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Familiar skies

The only real thing that can be said about “Dark Skies” is that it’s an average movie with an average running time with absolutely nothing memorable about it.

Surely I think I’ve seen nearly every scene found in this rather tepid horror movie in other movies. Some of the films it stole from were much better (like 1982’s perfect “Poltergeist”), but more often than not, director and writer Scott Stewart seemed to be most inspired to not only follow in the footsteps but to make a near carbon copy of other boring, unmemorable films, like 2002’s “Signs.”

The premise itself is rather unremarkable. It felt warm and cozy like an old friend who pays many visits, most recently in 2012’s Ethan Hawke-vehicle “Sinister.”

You see, it’s a horror movie about aliens and these aliens like to disturb the regular workings of any-town suburbia, USA, to terrorize a family. This causes the youngest child to make crude drawings of the visitors, which are always associated with some fairy-tale at first that the older sibling told to the youngest child directly preceding the events that take place. The fairy-tale visitor, be it alien or ghoul, of course, just wants to take the child or children off to another world or planet.

In this case, the youngest child, Sam (Kadan Rockett, who needs to start his own psychobilly band as soon as possible with a name like that), believes that the aliens are “the Sandman.” But he isn’t worried that the Sandman will pluck his eyeballs out because his older brother, Jesse, told him that they like big-kid eyeballs better.

This is a blueprint well-established for horror movies.

The Barretts are a typical, American nuclear family living in the suburbs and dealing with their own, mild trials and tribulations while maintaining a decent lifestyle. There are too many bills and too many worries.

Lacy Barrett (Kerri Russell), a realtor, is the only breadwinner at the start of the film because her husband, Daniel (Josh Hamilton) is an unemployed architect desperately searching for work primarily to avoid embarrassment and being asked about it by his neighbors. The neighbors, by the way, are a near-perfect microcosm of typical America, as evidenced by a cookout at the beginning of the movie that is as cliched as it appears scrumptious.

Just when Daniel ends his losing streak and lands a job at big, local architecture firm, other things begin to go awry to interfere with their new, hard-won success.

Lacy, being a good mother, checks on her children in the middle of the night and also makes the rounds to check that all the doors are locked when she discovers that the kitchen has become a total mess. The next day, of course, the family writes off the mess as being the fault of an animal that had made its way inside the home, albeit an animal with a preference for lettuce and the like rather than meats or junk foods.

The next day, all the photos are missing and the cops believe it to be one of the children having some emotional problems due to difficulties in the family. This is certainly a plausible explanation until the next discovery, where every single thing in the kitchen has been stacked in an overly complex and impossible manner akin to a long-term mathematical art-installation at the Museum of Modern Art. The construct refracts light through the bottles and jars and what-not in the towers, projecting an intricate design onto the ceiling that would immediately be recognized as a sign similar to crop circles by any real person. But the Bartletts have no idea what it is.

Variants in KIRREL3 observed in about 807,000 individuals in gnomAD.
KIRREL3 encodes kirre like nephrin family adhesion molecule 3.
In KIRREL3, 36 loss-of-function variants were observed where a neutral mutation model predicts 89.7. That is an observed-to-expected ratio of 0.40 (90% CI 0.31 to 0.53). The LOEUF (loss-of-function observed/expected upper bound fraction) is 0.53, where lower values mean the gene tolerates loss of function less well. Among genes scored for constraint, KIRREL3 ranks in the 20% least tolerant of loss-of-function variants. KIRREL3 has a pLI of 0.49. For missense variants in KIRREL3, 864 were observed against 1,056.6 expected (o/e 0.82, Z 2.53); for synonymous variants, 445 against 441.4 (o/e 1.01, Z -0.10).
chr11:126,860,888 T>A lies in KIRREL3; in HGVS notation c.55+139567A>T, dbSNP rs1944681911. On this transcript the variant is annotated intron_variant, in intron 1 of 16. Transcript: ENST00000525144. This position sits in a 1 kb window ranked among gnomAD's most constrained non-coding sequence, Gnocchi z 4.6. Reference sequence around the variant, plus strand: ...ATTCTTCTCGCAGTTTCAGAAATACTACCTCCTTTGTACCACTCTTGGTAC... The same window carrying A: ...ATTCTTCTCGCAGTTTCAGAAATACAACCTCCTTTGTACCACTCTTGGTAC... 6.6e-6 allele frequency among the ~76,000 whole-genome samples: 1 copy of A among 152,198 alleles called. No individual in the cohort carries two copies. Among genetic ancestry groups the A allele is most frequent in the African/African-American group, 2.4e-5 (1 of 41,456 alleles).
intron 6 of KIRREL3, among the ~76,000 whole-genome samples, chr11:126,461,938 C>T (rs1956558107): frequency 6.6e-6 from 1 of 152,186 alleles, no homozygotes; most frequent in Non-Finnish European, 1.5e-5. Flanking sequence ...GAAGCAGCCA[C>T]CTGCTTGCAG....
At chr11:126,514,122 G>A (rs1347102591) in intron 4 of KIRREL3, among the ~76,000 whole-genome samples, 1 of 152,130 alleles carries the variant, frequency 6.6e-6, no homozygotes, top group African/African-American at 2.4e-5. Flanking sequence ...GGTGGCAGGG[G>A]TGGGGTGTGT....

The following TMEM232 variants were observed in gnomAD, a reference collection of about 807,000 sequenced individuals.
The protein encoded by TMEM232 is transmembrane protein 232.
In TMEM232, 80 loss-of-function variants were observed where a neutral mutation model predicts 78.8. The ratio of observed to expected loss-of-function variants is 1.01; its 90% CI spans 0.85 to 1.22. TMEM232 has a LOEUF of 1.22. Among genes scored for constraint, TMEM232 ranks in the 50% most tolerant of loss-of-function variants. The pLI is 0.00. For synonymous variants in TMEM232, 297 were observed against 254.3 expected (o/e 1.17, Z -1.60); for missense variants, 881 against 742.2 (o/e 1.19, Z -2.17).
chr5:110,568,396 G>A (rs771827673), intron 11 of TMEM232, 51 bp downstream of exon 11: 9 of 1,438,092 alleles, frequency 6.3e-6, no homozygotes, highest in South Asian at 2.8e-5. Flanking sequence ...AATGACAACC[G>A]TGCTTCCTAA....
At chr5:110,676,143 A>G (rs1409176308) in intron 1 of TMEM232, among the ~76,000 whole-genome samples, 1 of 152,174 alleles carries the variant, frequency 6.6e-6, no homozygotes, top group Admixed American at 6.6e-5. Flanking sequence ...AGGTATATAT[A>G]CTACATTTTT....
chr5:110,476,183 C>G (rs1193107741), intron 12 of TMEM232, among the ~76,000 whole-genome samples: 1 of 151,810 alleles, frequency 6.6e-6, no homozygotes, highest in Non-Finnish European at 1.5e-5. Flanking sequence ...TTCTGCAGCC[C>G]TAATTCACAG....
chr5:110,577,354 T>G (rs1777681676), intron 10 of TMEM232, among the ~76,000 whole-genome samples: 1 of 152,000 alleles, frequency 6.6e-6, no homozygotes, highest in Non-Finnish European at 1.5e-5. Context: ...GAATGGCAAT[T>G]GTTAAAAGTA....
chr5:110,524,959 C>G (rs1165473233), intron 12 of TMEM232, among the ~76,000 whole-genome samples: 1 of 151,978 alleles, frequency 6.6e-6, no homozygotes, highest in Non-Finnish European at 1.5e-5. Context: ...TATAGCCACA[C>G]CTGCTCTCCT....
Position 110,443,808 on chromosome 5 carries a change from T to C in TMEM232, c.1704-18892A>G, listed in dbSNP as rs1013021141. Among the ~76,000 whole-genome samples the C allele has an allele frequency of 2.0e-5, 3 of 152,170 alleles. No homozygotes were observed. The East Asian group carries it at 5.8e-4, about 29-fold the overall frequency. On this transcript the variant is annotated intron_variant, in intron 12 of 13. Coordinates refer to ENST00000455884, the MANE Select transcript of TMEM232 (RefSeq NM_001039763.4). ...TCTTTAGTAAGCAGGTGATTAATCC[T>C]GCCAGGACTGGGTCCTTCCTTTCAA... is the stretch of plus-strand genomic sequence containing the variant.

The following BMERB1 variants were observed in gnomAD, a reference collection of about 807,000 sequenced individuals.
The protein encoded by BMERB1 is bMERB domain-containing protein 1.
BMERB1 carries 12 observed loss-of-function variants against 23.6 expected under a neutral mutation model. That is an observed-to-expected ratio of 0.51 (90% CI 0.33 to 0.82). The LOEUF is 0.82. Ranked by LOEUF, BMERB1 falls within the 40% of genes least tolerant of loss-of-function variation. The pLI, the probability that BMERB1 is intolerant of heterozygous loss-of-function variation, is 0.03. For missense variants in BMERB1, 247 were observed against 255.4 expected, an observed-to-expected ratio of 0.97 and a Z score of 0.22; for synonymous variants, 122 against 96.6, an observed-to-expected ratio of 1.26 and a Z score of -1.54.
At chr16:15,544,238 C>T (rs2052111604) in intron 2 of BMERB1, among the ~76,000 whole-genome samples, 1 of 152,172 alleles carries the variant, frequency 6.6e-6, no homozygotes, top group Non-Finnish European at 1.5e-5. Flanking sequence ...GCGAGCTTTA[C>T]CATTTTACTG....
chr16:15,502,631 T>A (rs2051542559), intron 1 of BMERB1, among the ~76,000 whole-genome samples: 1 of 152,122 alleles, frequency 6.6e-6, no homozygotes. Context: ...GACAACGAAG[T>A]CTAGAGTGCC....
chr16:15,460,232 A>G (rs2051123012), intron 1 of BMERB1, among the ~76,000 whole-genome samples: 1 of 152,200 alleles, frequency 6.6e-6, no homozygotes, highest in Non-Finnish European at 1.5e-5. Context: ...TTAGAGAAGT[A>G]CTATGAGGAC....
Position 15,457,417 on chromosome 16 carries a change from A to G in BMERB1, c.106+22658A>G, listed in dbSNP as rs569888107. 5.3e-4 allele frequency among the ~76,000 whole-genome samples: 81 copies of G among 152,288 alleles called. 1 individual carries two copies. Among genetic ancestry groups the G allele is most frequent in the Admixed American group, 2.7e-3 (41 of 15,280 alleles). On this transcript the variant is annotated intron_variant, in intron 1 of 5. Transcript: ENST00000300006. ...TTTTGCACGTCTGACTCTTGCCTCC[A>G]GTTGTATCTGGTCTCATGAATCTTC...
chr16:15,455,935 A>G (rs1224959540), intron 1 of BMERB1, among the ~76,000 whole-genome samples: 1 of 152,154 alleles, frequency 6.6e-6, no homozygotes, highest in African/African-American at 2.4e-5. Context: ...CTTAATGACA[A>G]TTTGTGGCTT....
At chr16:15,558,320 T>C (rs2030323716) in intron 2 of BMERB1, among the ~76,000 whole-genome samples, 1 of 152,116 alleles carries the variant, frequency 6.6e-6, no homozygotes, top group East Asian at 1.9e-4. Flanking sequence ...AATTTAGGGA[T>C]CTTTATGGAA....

Anyway, Sam keeps being visited by the Sandman over and over, showing that aliens like to tease and torment before they abduct and perform whatever experiments or studies they want to do. The real lesson to be learned here is that aliens are more pranksters than they are ultra-advanced scientists who like to abduct random, un-noteworthy people to learn about how best to enslave the human race and use our planet as a satellite station.

The only saving grace to the film has about 10 minutes of screen time, if that. J.K. Simmons, one of the best character actors of all time, plays an alien-abduction expert that fills the parents in on what they need to know to “fight back” and save their children. The versatility of Simmons – who can play anybody from a sadistic leader of the Aryan Brotherhood in HBO’s ultra-violent prison drama, “OZ,” to Peter Parker’s editor at The Daily Planet in the Tobey Maguire Spider-Man films, to an insurance agent in the Farmer’s Insurance commercials – is unparalleled in its ability to bring light to absolutely any mediocrity and raising it to a different level.

As mentioned earlier, though, nothing short of total mediocrity could be stomached by the director. Whatever benefit Simmons could have given to the film was kept to an absolute minimum where coming-of-age and irrelevant scenes featuring the teenage son, Jesse, were left in to add the necessary stumbling blocks to a cohesive film.

Really, despite what was said here, “Dark Skies” isn’t a terrible film. It’s just a mediocre bore that has been done before in many and, more often than not, better ways before, and will be again in the future.

(Flint McColgan is a staff writer for The Minot Daily News. His movie reviews appear in Thursday’s Arts &?Entertainment section.)